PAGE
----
The Nikon D7500 is a midrange APS-C DSLR that both hang backs below and borrows a lot from Nikon’s APS-C flagship D500 including its 20.9MP sensor, high-res metering sensor (used for subject notice) and very probably its image processor. In a lot of ways, it’s like a mini D500, which in and of itself is like a mini D5. All three are built for speed.
The D7500 ages a 2 fps bump over its predecessor and can shoot 8 fps for an impressive 100+ JPEGs (3x the buffer of the D7200). That’s not quite as fast as the D500’s 10 fps burst, but it’s silence serious firepower for enthusiasts and serious photographers alike. Its AF system remains the same, reliable 51-point module from D7200 and D7100. But the new metering sensor should carry better 3D Tracking. If you haven’t guessed by now, this is a great camera for fast action photography.
- 20.9MP APS-C CMOS Sensor
- 51-point point of view detect AF
- 8 fps burst for 100+ JPEGS or 50 Raws
- 180k-pixel RGB sensor for metering and subject recognition
- 3.2″ tilting touchscreen LCD
- Deeper grip
- 4K (UHD) video from 1.5x crop of sensor
- In-camera volume Raw processing
- Wi-Fi and Bluetooth
Externally, not much has changed about the D7500’s designed compared to its predecessor. The D7500 maintains its position as a compact yet able twin dial DSLR geared toward enthusiasts. 4K video has been added, but like most current Nikon cameras, it comes with limitations tabulating a 1.5x crop factor. The addition of a tilting touchscreen screen, deeper grip and beefed-up sealing are all welcomed improvements, though.
|Nikon D7500||Nikon D500||Nikon D7200||Canon 80D||Sony a6500|
|Metering sensor||180k pixel RGB sensor||180k pixel RGB sensor||2,016 pixel RGB sensor the broadest definition, a sensor is an electronic component, module, or subsystem whose purpose is to detect events or changes in||7560 pixel RGB+IR sensor||Same as imaging|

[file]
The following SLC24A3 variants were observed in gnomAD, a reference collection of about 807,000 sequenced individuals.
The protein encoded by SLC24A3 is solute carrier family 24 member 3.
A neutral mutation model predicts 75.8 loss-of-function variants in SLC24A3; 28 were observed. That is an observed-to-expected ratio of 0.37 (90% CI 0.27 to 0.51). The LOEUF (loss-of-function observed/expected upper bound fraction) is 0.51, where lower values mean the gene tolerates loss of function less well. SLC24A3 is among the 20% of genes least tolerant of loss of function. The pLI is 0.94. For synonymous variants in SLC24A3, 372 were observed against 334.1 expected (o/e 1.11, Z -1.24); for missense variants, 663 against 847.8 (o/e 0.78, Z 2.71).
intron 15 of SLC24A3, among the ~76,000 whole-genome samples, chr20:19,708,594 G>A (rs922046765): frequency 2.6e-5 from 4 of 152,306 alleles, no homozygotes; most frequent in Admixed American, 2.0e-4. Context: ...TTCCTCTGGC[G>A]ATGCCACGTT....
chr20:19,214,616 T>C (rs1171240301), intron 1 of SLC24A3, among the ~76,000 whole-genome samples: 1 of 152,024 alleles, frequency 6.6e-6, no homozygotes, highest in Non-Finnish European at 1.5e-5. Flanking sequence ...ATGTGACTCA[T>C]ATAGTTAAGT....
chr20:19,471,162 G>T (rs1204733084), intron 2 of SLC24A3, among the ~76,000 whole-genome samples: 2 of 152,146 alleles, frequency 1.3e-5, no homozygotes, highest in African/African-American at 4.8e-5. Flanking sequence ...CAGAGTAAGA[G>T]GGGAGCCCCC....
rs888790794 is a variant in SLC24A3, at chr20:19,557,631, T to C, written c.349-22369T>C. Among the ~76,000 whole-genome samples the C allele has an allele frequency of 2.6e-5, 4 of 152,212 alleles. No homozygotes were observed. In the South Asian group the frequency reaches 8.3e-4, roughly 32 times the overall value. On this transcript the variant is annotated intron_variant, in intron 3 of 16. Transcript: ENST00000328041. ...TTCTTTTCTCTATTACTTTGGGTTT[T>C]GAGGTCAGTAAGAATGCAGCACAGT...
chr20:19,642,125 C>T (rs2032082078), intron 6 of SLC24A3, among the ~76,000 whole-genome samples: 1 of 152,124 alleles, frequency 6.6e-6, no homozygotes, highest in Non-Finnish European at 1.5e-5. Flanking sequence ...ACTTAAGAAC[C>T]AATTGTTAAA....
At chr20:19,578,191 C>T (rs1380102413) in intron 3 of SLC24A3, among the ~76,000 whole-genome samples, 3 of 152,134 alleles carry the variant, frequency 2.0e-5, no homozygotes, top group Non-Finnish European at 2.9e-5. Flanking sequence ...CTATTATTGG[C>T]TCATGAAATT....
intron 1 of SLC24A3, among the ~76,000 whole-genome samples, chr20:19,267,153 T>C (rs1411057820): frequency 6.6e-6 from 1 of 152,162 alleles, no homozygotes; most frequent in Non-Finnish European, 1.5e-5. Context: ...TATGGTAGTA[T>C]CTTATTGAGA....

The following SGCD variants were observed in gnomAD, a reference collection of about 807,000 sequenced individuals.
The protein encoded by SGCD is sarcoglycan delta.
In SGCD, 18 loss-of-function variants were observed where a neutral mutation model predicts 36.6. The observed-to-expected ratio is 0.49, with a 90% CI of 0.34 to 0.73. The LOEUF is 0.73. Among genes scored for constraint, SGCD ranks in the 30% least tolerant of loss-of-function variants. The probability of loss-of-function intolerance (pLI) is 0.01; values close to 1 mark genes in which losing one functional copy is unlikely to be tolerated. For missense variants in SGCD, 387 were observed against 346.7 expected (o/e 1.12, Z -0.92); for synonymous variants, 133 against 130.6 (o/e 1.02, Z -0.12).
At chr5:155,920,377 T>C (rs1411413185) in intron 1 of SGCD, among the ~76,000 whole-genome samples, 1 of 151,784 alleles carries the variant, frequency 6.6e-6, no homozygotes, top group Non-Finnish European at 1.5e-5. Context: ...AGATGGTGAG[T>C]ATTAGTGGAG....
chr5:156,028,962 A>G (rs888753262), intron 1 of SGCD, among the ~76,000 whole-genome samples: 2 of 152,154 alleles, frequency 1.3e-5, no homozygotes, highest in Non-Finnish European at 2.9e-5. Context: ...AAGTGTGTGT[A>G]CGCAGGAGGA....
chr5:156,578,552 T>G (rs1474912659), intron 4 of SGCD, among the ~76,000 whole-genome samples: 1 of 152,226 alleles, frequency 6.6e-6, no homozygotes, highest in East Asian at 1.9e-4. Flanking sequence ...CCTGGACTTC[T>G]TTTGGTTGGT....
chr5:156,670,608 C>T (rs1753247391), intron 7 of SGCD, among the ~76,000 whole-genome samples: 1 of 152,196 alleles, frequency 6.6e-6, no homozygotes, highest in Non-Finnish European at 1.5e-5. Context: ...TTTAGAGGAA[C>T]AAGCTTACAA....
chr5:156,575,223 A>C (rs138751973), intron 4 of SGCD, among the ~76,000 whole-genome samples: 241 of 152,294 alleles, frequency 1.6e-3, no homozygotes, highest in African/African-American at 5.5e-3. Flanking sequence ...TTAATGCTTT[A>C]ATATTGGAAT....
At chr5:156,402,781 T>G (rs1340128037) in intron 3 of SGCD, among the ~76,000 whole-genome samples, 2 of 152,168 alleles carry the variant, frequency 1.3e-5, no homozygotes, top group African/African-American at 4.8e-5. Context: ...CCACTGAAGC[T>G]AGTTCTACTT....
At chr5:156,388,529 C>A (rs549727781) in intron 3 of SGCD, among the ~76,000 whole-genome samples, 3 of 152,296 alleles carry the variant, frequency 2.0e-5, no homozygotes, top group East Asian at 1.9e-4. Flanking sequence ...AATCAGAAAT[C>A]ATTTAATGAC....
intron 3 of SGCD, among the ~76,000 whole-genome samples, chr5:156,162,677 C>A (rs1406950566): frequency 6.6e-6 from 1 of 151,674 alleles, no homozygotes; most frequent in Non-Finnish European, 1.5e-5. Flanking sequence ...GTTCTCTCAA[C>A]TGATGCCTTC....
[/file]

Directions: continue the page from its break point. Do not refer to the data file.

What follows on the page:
|Burst rate||8 fps||10 fps||6 fps||7 fps||11 fps|
|Pageant||3.2″ tilting 922k-dot||3.2″ tilting 2.36M-dot||3.2″ fixed 1.2M-dot|
|Max HD video||1080/60p w/ no crop||1080/60p w/ no crop||1080/60p w/ 1.3x crop||1080/60p w/ no crop|
108060p w/ no crop,
|4K video||UHD/30p w/ 1.5x crop||UHD/30p w/ 1.5x crop crop is “a plant or animal product that can be grown and harvested extensively for profit or subsistence.” Crop may refer either to||n/a||n/a||UHD/30p |
|# of funny man destined slots||1||2||2||1||1|
Wi-Fi, Bluetooth, NFC
|Wi-Fi, Bluetooth, NFC||Wi-Fi, Bluetooth, NFC||Wi-Fi, Bluetooth, NFC|
|Battery life||950 shots||1240 drinks||1110 shots||960 shots||350 shots|
|Weight||720 g||860 g||765 g||730 g||453 g|
For more in-depth specification comparison: click here.
What it loses compared with D7200
While the D7500 produces some gains over its predecessor, it loses some things as well. Prior to the D500’s release, the D7200 sat pretty as the brand’s flagship APS-C. But now that the D500 is top dog, Nikon had to tell apart the two cameras. As a result, the D7500 loses its second memory card slot as well as its ‘Ai’ indexing tab, limiting its compatibility with older, manual meet Nikon lenses (all previous D7000-series cameras had this).
In addition, Nikon has no plans to launch a vertical grip for the camera and the body of the D7500 take pleasure ins no electric contacts for such a grip.
Misconceptions: D7500 vs D7200
There are a few understandable misconceptions made when comparing the D7500 to its beloved predecessor. The prime is sensor resolution. Yes, the D7500 has a sensor that is 3MP less resolution than the D7200. No, that does not matter. The sensor in the D7500 is borrowed from the D500 and built for connected readout speeds, something that contributes to its 8 fps burst and 4K video. It also offers excellent image quality.
The next misconception is regarding LCD plan: The D7200’s 1.2M-dot display is the same resolution as the D7500’s updated 922k-dot display. Both are 640 x 480. And despite the D7500’s reduction in spoils, its LCD actually appears a tad crisper than that of the D7200.
Kits and pricing
The Nikon D7500 will be available in the USA, body-only for $1249, and $1749 with a 18-140mm F3.5-5.6G ED VR lens. European calls get the better kit option: with the 16-80mm F2.8-4E ED VR.